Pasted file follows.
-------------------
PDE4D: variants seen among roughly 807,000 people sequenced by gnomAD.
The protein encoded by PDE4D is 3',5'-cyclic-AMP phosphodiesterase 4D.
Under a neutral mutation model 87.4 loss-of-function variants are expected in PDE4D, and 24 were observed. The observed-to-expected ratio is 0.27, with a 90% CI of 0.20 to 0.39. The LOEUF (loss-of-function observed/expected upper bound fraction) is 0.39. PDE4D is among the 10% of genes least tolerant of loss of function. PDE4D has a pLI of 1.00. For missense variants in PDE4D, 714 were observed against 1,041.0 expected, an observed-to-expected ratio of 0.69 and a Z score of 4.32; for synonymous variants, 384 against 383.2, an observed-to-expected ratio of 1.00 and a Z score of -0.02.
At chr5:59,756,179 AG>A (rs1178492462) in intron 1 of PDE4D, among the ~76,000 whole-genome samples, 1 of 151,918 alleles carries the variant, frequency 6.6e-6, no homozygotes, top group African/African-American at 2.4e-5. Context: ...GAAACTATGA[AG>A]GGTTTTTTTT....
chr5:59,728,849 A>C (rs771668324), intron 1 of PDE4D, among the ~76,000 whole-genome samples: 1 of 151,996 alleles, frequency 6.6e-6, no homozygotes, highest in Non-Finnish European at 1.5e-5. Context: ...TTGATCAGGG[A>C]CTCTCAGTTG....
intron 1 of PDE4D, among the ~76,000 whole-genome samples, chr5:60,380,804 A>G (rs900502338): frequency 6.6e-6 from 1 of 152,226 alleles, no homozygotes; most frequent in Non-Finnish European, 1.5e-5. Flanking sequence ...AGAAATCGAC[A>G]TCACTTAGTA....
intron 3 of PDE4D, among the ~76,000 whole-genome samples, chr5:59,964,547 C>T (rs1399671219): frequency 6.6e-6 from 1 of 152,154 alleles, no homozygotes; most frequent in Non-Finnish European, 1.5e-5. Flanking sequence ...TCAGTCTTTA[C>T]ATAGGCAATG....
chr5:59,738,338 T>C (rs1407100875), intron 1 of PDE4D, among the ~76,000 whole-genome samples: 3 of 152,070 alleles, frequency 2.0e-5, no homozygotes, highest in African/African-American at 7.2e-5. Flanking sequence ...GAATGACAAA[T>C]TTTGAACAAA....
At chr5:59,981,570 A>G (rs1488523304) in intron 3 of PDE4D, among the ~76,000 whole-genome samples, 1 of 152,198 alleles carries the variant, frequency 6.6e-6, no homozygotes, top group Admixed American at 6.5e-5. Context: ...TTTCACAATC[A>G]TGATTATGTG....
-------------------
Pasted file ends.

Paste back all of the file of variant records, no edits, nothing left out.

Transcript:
PDE4D: variants seen among roughly 807,000 people sequenced by gnomAD.
The protein encoded by PDE4D is 3',5'-cyclic-AMP phosphodiesterase 4D.
Under a neutral mutation model 87.4 loss-of-function variants are expected in PDE4D, and 24 were observed. The observed-to-expected ratio is 0.27, with a 90% CI of 0.20 to 0.39. The LOEUF (loss-of-function observed/expected upper bound fraction) is 0.39. PDE4D is among the 10% of genes least tolerant of loss of function. PDE4D has a pLI of 1.00. For missense variants in PDE4D, 714 were observed against 1,041.0 expected, an observed-to-expected ratio of 0.69 and a Z score of 4.32; for synonymous variants, 384 against 383.2, an observed-to-expected ratio of 1.00 and a Z score of -0.02.
At chr5:59,756,179 AG>A (rs1178492462) in intron 1 of PDE4D, among the ~76,000 whole-genome samples, 1 of 151,918 alleles carries the variant, frequency 6.6e-6, no homozygotes, top group African/African-American at 2.4e-5. Context: ...GAAACTATGA[AG>A]GGTTTTTTTT....
chr5:59,728,849 A>C (rs771668324), intron 1 of PDE4D, among the ~76,000 whole-genome samples: 1 of 151,996 alleles, frequency 6.6e-6, no homozygotes, highest in Non-Finnish European at 1.5e-5. Context: ...TTGATCAGGG[A>C]CTCTCAGTTG....
intron 1 of PDE4D, among the ~76,000 whole-genome samples, chr5:60,380,804 A>G (rs900502338): frequency 6.6e-6 from 1 of 152,226 alleles, no homozygotes; most frequent in Non-Finnish European, 1.5e-5. Flanking sequence ...AGAAATCGAC[A>G]TCACTTAGTA....
intron 3 of PDE4D, among the ~76,000 whole-genome samples, chr5:59,964,547 C>T (rs1399671219): frequency 6.6e-6 from 1 of 152,154 alleles, no homozygotes; most frequent in Non-Finnish European, 1.5e-5. Flanking sequence ...TCAGTCTTTA[C>T]ATAGGCAATG....
chr5:59,738,338 T>C (rs1407100875), intron 1 of PDE4D, among the ~76,000 whole-genome samples: 3 of 152,070 alleles, frequency 2.0e-5, no homozygotes, highest in African/African-American at 7.2e-5. Flanking sequence ...GAATGACAAA[T>C]TTTGAACAAA....
At chr5:59,981,570 A>G (rs1488523304) in intron 3 of PDE4D, among the ~76,000 whole-genome samples, 1 of 152,198 alleles carries the variant, frequency 6.6e-6, no homozygotes, top group Admixed American at 6.5e-5. Context: ...TTTCACAATC[A>G]TGATTATGTG....